Iraq attack could alter world rules
Bush takes his case for 'regime change' to the UN General Assembly.
When President Bush addresses the UN General Assembly Thursday, pressing his case against Iraqi leader Saddam Hussein, he will be asking the world to alter the founding principles of the post-World War II international order.Skip to next paragraph
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Advocating preemptive military action against Baghdad before it uses its alleged chemical, biological, or nuclear weapons, Mr. Bush is challenging United Nations rules on sovereignty and the acceptable use of force that have underpinned global relations for three generations.
To the Bush administration, this is a matter of adapting to a new danger. But this argument will likely alarm the vast majority of UN members listening to the US leader. They know that their best chance of restraining Bush is to meet him partway, by threatening to use force on their own terms against Iraq if Mr. Hussein does not cooperate with UN weapons inspectors as suggested this week by French President Jacques Chirac.
Bush faces a difficult task in bridging the gap that currently separates him from almost every other world leader over how to deal with the Iraqi government.
Washington has openly set "regime change" as its goal, claiming that Mr. Hussein is amassing weapons of mass destruction for use against America and its allies and that he must be deposed before he gets a chance to use them.
"Time is not on America's side," presidential spokesman Ari Fleischer warned recently.
The closest that any US ally has come to supporting Bush's position is British Prime Minister Tony Blair's warning Tuesday that "action will follow" if Iraq ignores demands to allow arms inspectors back into the country.
Most European governments are expected to back the sort of proposal that French President Jacques Chirac made earlier this week, for a two-stage UN procedure. Under a first resolution Iraq would be given three weeks to allow inspectors in without conditions, and if it refused, a second Security Council resolution would be passed on whether or not to use military force.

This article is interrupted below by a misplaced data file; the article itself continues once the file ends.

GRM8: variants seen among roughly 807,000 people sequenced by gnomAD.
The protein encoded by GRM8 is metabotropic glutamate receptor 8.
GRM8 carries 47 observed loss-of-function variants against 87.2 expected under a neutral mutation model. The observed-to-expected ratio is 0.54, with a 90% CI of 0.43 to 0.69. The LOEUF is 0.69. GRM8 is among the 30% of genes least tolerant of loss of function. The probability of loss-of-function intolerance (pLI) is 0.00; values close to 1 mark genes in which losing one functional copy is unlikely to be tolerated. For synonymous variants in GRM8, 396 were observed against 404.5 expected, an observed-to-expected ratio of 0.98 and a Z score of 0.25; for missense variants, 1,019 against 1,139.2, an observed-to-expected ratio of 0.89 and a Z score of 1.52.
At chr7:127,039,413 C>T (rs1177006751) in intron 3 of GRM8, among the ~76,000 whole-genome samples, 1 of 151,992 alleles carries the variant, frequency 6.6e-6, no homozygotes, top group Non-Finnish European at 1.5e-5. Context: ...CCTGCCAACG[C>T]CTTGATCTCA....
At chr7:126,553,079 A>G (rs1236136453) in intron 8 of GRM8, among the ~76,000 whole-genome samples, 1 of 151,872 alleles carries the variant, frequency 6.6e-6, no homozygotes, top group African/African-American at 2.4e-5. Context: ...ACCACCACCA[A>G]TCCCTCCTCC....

It is not clear, however, that such a plan will satisfy Washington, where officials are afraid that Hussein might accept inspectors but then prevaricate and withhold cooperation, rendering their work of dubious value.
Bush has been working hard to win international support for a military strike against Iraq. He has telephoned or met with many world leaders in recent days, starting with the rulers of Washington's partners on the UN Security Council, Russia, China, Britain, and France. And his speech Thursday to the UN is expected to be a keystone of his campaign to explain US fears and intentions.
But the administration seems increasingly ready to act alone against Baghdad if it cannot convince the rest of the world that Iraq poses a clear and present danger to its neighbors and to others.
Militarily, the US could certainly do so. But unilateral action could cause a diplomatic earthquake that would topple several pillars holding up the edifice of international stability.